• $VERSION_PEP440_FROM, $VERSION_PEP440_TO, $VERSION_PEP440_CURRENT: Same as the above, but normalized into a standard PEP 440 version string indicator. If your scripts use these environment variables to perform migrations, you probably will prefer to use these variables.
# copier.yml

    - version: v1.0.0
          - rm ./old-folder
          # {{ _copier_conf.src_path }} points to the path where the template was
          # cloned, so it can be helpful to run migration scripts stored there.
          - invoke -r {{ _copier_conf.src_path }} -c migrations migrate $VERSION_CURRENT

Developing a copier template

Avoid doing commits when developing

While you're developing it's useful to see the changes before making a commit, to do so you can use copier copy -r HEAD ./src ./dst. Keep in mind that you won't be able to use copier update so the changes will be applied incrementally, not declaratively. So if you make a file in an old run that has been deleted in the source, it won't be removed in the destination. It's a good idea then to remove the destination directory often.

Apply migrations only once

Currently copier allows you to run two kind of commands:

  • Tasks: that run each time you either copy or update
  • Migrations: That run only on updates if you're coming from a previous version

But there isn't yet a way to run a task only on the copy of a project. Until there is you can embed inside the generated project's Makefile an init target that runs the init script. The user will then need to:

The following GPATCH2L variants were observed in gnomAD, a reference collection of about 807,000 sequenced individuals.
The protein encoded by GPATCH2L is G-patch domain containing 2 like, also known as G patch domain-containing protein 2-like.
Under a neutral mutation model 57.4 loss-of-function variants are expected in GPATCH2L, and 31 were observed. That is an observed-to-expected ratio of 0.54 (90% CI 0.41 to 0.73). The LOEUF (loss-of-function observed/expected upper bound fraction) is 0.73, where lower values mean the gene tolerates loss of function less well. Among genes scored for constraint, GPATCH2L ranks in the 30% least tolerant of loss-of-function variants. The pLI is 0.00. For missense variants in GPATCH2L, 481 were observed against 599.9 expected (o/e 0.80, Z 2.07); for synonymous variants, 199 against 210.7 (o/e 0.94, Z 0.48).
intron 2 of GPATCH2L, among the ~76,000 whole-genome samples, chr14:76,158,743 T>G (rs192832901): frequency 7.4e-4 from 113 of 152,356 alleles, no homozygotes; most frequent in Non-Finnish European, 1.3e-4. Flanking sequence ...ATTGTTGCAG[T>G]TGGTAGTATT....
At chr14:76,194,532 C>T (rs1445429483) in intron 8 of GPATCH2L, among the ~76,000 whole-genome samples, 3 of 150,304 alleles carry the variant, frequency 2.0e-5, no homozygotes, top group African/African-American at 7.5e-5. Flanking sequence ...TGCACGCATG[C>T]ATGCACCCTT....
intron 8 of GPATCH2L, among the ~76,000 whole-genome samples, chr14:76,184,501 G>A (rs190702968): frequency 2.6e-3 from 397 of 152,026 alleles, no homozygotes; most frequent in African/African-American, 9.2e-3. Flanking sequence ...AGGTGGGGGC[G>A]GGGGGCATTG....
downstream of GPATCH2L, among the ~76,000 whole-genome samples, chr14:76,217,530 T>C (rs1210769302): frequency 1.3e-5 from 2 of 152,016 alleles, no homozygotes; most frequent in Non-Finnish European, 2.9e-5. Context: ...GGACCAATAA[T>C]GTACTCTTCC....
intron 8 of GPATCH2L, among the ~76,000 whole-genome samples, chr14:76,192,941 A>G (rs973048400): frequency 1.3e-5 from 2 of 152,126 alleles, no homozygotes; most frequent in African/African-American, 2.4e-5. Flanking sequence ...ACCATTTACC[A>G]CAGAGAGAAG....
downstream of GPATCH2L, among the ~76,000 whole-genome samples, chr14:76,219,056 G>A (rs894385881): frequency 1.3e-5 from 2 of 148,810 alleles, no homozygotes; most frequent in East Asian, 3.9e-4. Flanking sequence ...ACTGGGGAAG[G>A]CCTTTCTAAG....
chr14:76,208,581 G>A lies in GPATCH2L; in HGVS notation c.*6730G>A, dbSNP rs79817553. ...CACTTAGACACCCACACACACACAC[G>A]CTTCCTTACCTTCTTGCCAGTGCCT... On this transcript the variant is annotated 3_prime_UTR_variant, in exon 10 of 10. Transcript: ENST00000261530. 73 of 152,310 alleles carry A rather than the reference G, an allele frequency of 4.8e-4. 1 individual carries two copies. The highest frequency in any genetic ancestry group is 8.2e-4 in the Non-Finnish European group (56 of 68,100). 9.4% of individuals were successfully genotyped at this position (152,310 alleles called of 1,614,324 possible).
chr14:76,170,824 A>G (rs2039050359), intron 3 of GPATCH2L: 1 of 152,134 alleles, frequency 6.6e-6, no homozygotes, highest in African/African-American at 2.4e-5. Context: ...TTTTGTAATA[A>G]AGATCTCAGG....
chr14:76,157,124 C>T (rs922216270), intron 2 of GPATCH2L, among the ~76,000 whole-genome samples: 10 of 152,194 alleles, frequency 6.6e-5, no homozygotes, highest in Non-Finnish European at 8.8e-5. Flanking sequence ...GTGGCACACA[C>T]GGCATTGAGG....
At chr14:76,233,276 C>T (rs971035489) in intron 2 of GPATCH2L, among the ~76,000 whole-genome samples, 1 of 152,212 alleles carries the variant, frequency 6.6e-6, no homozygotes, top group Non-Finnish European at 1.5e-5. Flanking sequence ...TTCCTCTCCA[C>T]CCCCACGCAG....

copier copy src dest
cd dest
make init

Not ideal but it can be a workaround until we have the pre-copy tasks.

Another solution I thought of is to:

  • Create a tag 0.0.0 on the first valid commit of the template
  • Create an initial migration script for version 0.1.0.

That way instead of doing copier copy src dest you can do:

copier copy -r 0.0.0 src dest
copier update

It will run over all the migrations steps you make in the future. A way to tackle this is to eventually release a 1.0.0 and move the 0.1.0 migration script to 1.1.0 using copier copy -r 1.0.0 src dest.

However, @pawamoy thinks that this can eventually backfire because all the versions of the template will not be backward compatible with 0.0.0. If they are now, they probably won't be in the future. This might be because of the template itself, or because of the extensions it uses, or because of the version of Copier it required at the time of each version release. So this can be OK for existing projects, but not when trying to generate new ones.

Create your own jinja extensions

You can create your own jinja filters. For example creating an file with the contents:

import re
import subprocess
import unicodedata
from datetime import date

from jinja2.ext import Extension

def git_user_name(default: str) -> str:
    return subprocess.getoutput("git config").strip() or default

def git_user_email(default: str) -> str:
    return subprocess.getoutput("git config").strip() or default

def slugify(value, separator="-"):
    value = unicodedata.normalize("NFKD", str(value)).encode("ascii", "ignore").decode("ascii")
    value = re.sub(r"[^\w\s-]", "", value.lower())
    return re.sub(r"[-_\s]+", separator, value).strip("-_")

class GitExtension(Extension):
    def __init__(self, environment):
        environment.filters["git_user_name"] = git_user_name
        environment.filters["git_user_email"] = git_user_email

class SlugifyExtension(Extension):
    def __init__(self, environment):
        environment.filters["slugify"] = slugify

class CurrentYearExtension(Extension):
    def __init__(self, environment):
        environment.globals["current_year"] =

Then you can import it in your copier.yaml file:

    - copier_templates_extensions.TemplateExtensionLoader

  type: str
  help: Your full name
  default: "{{ 'Timothée Mazzucotelli' | git_user_name }}"

  type: str
  help: Your email
  default: "{{ '' | git_user_email }}"

  type: str
  help: Your repository name
  default: "{{ project_name | slugify }}"

You'll need to install copier-templates-extensions, if you've installed copier with pipx you can:

pipx inject copier copier-templates-extensions